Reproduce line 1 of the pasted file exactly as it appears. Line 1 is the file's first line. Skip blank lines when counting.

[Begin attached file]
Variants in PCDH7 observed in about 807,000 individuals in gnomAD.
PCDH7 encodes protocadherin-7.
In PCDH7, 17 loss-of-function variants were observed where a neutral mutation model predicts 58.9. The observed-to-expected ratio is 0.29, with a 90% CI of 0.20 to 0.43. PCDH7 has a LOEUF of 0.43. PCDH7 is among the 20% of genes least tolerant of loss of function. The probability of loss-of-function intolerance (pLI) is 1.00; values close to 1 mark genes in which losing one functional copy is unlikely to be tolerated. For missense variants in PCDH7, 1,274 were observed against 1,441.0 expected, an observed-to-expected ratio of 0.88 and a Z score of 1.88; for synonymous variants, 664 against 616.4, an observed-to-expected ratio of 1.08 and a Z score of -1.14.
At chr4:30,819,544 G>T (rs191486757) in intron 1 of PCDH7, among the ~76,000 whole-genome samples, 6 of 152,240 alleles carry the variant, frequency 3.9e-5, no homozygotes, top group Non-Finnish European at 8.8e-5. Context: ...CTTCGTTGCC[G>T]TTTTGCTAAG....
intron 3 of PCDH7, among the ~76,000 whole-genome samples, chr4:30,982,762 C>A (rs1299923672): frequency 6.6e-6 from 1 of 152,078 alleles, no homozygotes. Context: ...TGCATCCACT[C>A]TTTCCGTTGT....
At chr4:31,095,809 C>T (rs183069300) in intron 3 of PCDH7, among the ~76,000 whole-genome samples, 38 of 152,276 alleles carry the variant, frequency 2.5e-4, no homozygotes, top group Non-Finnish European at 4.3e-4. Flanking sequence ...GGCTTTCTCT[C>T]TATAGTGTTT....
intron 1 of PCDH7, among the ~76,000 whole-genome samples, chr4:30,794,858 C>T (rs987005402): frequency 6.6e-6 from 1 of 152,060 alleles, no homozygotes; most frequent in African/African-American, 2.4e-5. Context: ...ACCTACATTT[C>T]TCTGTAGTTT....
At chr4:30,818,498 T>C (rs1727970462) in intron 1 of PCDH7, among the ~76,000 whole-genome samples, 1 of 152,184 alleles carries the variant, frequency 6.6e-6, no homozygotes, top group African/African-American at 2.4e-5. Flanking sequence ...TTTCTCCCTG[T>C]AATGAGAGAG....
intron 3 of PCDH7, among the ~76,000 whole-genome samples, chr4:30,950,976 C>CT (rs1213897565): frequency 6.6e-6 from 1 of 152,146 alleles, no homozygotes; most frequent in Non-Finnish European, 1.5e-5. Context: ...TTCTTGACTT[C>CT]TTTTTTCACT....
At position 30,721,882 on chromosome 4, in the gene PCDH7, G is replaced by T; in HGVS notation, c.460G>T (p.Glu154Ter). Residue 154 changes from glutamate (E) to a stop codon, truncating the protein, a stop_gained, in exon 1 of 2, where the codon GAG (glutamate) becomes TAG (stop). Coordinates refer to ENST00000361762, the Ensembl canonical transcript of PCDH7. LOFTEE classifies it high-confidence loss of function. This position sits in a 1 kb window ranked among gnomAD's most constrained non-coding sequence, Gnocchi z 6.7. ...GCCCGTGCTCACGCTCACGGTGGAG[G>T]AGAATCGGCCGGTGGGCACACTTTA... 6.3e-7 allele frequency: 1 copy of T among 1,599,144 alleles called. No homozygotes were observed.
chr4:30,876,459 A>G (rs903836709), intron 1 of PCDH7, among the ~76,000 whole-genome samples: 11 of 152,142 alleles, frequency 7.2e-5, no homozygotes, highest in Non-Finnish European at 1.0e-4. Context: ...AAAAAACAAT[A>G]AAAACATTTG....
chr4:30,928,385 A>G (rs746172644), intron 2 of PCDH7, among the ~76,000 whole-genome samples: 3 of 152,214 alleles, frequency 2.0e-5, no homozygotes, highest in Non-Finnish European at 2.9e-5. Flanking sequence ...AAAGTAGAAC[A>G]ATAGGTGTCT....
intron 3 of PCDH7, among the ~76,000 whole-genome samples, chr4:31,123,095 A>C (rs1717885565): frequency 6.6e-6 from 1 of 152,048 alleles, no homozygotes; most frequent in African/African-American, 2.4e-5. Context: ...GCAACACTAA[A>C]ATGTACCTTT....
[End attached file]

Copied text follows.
Variants in PCDH7 observed in about 807,000 individuals in gnomAD.